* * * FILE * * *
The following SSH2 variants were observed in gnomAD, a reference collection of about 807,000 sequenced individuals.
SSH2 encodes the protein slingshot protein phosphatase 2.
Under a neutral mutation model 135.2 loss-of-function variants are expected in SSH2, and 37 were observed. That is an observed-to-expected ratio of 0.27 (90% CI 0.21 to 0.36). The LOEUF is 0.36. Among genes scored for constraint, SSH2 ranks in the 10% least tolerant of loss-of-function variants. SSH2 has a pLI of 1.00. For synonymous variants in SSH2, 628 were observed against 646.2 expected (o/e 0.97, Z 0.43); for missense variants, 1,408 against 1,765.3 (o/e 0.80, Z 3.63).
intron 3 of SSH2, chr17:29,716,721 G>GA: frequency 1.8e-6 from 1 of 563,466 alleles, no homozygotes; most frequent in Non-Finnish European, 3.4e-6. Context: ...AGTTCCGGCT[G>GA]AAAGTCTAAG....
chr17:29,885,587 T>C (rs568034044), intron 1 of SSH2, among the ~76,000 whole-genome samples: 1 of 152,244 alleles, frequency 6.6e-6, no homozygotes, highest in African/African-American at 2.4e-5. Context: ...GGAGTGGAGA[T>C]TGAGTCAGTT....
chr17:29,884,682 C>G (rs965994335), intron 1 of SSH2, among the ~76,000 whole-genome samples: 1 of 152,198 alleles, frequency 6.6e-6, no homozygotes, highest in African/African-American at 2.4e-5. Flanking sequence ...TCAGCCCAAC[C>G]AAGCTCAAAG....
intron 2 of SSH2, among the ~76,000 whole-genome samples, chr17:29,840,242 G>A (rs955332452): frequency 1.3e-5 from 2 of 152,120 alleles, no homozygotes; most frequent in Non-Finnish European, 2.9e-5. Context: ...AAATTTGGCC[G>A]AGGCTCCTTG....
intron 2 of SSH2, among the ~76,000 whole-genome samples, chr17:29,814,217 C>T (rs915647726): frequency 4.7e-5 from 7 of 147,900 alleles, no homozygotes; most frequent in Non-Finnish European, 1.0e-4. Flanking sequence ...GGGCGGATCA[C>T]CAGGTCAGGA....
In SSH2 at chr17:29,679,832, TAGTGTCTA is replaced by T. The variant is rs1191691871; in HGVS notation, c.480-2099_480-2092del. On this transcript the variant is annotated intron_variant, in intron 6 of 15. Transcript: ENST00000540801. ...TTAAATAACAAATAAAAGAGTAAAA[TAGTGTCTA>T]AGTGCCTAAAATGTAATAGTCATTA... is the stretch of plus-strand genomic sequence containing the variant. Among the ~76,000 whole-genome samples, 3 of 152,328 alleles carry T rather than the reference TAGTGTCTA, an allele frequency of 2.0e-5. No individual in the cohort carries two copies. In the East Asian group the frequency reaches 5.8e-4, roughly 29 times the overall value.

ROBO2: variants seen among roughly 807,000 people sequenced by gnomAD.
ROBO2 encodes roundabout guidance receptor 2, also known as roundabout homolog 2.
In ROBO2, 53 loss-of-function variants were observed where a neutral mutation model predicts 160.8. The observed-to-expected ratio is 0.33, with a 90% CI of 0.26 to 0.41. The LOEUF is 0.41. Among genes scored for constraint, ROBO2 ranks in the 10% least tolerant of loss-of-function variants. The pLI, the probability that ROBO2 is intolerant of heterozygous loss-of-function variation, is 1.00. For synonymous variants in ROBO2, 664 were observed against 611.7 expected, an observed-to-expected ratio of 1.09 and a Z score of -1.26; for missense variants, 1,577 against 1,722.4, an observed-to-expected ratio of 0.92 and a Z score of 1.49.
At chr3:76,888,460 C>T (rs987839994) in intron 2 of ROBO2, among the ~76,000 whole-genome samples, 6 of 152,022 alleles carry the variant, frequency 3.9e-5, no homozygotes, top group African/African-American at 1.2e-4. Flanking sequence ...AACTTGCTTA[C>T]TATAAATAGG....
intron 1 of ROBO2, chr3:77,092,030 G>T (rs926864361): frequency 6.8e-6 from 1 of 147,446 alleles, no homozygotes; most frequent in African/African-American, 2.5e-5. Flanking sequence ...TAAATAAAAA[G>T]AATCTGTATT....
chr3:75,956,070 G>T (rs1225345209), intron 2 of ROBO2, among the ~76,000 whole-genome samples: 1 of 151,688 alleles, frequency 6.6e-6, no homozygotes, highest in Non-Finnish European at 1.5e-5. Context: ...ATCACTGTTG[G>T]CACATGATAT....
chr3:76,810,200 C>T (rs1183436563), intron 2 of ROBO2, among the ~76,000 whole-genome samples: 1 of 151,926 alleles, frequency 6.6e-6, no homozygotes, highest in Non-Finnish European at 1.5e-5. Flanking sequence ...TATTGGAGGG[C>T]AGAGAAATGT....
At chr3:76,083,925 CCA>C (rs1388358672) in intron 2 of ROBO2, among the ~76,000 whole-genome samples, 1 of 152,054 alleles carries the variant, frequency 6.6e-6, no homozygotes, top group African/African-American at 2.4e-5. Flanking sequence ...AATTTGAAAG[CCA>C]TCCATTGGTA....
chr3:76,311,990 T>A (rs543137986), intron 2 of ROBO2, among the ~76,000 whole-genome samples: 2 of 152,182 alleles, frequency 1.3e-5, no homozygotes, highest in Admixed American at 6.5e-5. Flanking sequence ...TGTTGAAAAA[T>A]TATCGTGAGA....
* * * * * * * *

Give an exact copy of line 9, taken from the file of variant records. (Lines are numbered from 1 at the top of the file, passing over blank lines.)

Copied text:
In SSH2 at chr17:29,679,832, TAGTGTCTA is replaced by T. The variant is rs1191691871; in HGVS notation, c.480-2099_480-2092del. On this transcript the variant is annotated intron_variant, in intron 6 of 15. Transcript: ENST00000540801. ...TTAAATAACAAATAAAAGAGTAAAA[TAGTGTCTA>T]AGTGCCTAAAATGTAATAGTCATTA... is the stretch of plus-strand genomic sequence containing the variant. Among the ~76,000 whole-genome samples, 3 of 152,328 alleles carry T rather than the reference TAGTGTCTA, an allele frequency of 2.0e-5. No individual in the cohort carries two copies. In the East Asian group the frequency reaches 5.8e-4, roughly 29 times the overall value.